Archive for the 'Grippers & Surfaces' Category

Handwriting Worksheets: Beware!

MP900049596Handwriting worksheets vary according to the writing program that is being used.  Let’s look at the first of several worksheet “glitches” and how to fix them:

1. A worksheet has four lines for practicing a single letter..  A “model” letter to be traced is at the beginning of the first line but is not repeated at all.  Dots are placed for each letter on the lines.

Problem:  The child will trace the model letter and hopefully make the first independent letter correctly.  The second independent letter is modeled after the first independent letter.  The third independent letter is formed according to the second independent letter not the model. As the child loses focus on the model letter especially on the fourth line, the letter will more than likely be formed incorrectly.

Solution:  Place a model letter at the beginning of EACH line as well as in the MIDDLE of each line.  Make sure the model letter is traced correctly!  Once the letter formation is in the tactile (touch) and proprioceptive (body movement) systems, it’s almost impossible to change!

Note: This pencil grip is highly inefficient!  But that’s another blog!:)



A special thanks to each of you wonderful preschool teachers who attended my seminars these past two days at Woodwind Presbyterian PTAC conference!!!!! I hope I was able to show my gratitude for all you do working with these precious children as well as provide you with workable information for your classrooms.  Please if you have questions or would like copies of my power point presentation, e mail or call me (you are welcome to these even if you could not attend!).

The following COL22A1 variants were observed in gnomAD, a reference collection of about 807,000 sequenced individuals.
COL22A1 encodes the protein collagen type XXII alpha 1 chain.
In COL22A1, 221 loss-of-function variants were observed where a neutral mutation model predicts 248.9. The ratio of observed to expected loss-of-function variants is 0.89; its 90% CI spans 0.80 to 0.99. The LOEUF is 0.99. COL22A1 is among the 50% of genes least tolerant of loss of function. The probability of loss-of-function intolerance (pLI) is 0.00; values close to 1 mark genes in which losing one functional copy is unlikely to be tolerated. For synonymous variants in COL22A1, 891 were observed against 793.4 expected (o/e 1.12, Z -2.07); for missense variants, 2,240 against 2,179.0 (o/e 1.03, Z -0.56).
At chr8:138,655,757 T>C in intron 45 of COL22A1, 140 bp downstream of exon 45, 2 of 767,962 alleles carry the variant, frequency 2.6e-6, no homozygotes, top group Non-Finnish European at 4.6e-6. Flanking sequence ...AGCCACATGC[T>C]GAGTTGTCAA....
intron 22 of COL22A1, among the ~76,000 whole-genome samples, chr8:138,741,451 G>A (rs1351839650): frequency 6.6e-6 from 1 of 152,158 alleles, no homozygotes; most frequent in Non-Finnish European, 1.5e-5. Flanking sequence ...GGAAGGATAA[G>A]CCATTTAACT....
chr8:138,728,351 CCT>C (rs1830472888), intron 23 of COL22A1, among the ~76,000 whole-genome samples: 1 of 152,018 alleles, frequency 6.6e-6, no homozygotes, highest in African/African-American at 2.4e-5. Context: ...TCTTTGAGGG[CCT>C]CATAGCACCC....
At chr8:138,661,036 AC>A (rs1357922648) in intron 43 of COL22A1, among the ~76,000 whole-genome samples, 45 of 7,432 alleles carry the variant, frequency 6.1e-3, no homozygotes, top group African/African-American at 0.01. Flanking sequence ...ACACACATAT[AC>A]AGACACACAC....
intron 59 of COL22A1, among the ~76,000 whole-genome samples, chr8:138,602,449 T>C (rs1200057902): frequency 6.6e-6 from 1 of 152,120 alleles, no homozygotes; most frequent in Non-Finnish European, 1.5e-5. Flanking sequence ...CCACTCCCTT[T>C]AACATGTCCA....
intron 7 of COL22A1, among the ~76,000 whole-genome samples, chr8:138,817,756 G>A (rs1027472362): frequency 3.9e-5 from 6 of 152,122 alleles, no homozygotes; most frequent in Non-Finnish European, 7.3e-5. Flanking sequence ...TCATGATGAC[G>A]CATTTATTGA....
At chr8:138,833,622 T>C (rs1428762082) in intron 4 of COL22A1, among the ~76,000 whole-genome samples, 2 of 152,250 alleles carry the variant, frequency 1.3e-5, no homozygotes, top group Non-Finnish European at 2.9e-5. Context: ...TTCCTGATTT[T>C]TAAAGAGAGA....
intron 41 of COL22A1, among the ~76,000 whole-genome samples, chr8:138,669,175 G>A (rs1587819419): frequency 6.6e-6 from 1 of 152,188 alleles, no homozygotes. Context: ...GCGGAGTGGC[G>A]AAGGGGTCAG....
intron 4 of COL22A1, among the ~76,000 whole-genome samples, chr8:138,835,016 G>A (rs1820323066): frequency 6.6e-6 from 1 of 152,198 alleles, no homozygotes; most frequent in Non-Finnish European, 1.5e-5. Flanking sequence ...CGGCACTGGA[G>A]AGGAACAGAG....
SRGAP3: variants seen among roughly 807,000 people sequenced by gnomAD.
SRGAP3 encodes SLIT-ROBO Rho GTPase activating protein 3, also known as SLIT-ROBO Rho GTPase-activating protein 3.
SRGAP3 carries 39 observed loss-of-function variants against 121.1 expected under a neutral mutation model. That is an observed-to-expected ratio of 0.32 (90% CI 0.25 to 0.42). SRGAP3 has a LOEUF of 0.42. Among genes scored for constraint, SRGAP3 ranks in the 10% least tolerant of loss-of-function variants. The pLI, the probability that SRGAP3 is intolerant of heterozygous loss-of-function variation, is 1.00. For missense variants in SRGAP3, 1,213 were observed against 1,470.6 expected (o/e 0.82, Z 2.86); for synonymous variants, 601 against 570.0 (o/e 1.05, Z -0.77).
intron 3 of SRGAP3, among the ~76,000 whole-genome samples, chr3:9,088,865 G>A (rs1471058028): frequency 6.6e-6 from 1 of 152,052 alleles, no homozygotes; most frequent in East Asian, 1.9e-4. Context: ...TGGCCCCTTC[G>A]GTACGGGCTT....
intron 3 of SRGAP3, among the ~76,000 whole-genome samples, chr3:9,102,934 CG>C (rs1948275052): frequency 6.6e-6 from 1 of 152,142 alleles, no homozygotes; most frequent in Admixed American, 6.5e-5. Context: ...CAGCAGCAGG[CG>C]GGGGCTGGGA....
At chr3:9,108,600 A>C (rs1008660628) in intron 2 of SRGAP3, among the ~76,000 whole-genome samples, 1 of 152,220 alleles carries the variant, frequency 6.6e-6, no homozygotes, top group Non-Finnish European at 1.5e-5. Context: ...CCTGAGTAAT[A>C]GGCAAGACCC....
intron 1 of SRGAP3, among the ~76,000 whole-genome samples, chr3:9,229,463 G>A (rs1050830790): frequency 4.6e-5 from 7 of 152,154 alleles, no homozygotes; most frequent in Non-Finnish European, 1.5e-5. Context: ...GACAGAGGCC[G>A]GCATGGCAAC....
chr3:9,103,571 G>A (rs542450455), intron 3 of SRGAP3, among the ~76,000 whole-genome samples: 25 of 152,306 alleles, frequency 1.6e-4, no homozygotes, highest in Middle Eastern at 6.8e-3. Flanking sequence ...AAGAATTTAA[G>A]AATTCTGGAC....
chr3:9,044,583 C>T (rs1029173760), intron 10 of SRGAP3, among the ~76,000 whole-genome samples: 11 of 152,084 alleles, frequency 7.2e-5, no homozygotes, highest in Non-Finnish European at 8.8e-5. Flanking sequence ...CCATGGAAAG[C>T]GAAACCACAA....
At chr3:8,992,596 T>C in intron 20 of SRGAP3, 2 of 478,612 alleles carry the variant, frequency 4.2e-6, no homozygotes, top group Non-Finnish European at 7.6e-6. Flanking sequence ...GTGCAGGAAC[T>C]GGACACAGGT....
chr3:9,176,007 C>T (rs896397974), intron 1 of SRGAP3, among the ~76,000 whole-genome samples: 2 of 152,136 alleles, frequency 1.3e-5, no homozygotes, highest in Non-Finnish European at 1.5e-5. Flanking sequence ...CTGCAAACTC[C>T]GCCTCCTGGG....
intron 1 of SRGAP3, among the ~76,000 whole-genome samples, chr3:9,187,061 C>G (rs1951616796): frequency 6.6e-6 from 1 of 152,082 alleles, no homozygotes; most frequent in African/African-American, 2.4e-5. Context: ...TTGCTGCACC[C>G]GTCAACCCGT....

Please let me clear up one misunderstood point.  In my handwriting class, I suggested using a special “monk” grip for low tone children rather than using a gripper for the pencil.  I seemed to have left the impression that I do not use or approve of grippers.  This is not true!  I love pencil grippers and they are very appropriate IF they are the ones that the child should be using.  Its very difficult to use the same gripper for all the children in one classroom.  I hope this clears up this misunderstanding.  Thanks! Please see my blog on pencil grippers posted earlier.



3. Can the student hold a pencil in a functional grip and maintain it? 
a. Does a pencil gripper help? There are many commercially available pencil grippers.  Its important to find one that “fits” your child’s fingers and is comfortable to your child.  Encourage the use of it with coloring and drawing first as an adjustment period. 

b. Does an inclined surface such as an inclined clipboard help? Using an inclined surface (like the old desks use to be) helps pull in the wrist muscles to help with an appropriate grip.  You can take a fat three ring binder, keep it closed, and place the ring side away from your child thus creating an inclined surface.  If this makes a difference order one from or a similar site.

c. Is the pencil grip better when writing on a vertical surface? Practice writing on a vertical surface such as an easel, a chalkboard placed on the wall or even painting with water using a smaller paint brush on the side of your house. This will help strengthen the arm and hand muscles needed for good writing. Sometimes the grip is better in this position because once again the wrist muscles are helping with the gripping.

Handwriting Questions

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Alphabet Soup: Fun Activities to Stir Your Child's Interest in Letters by Lyn Armstrong O.T.R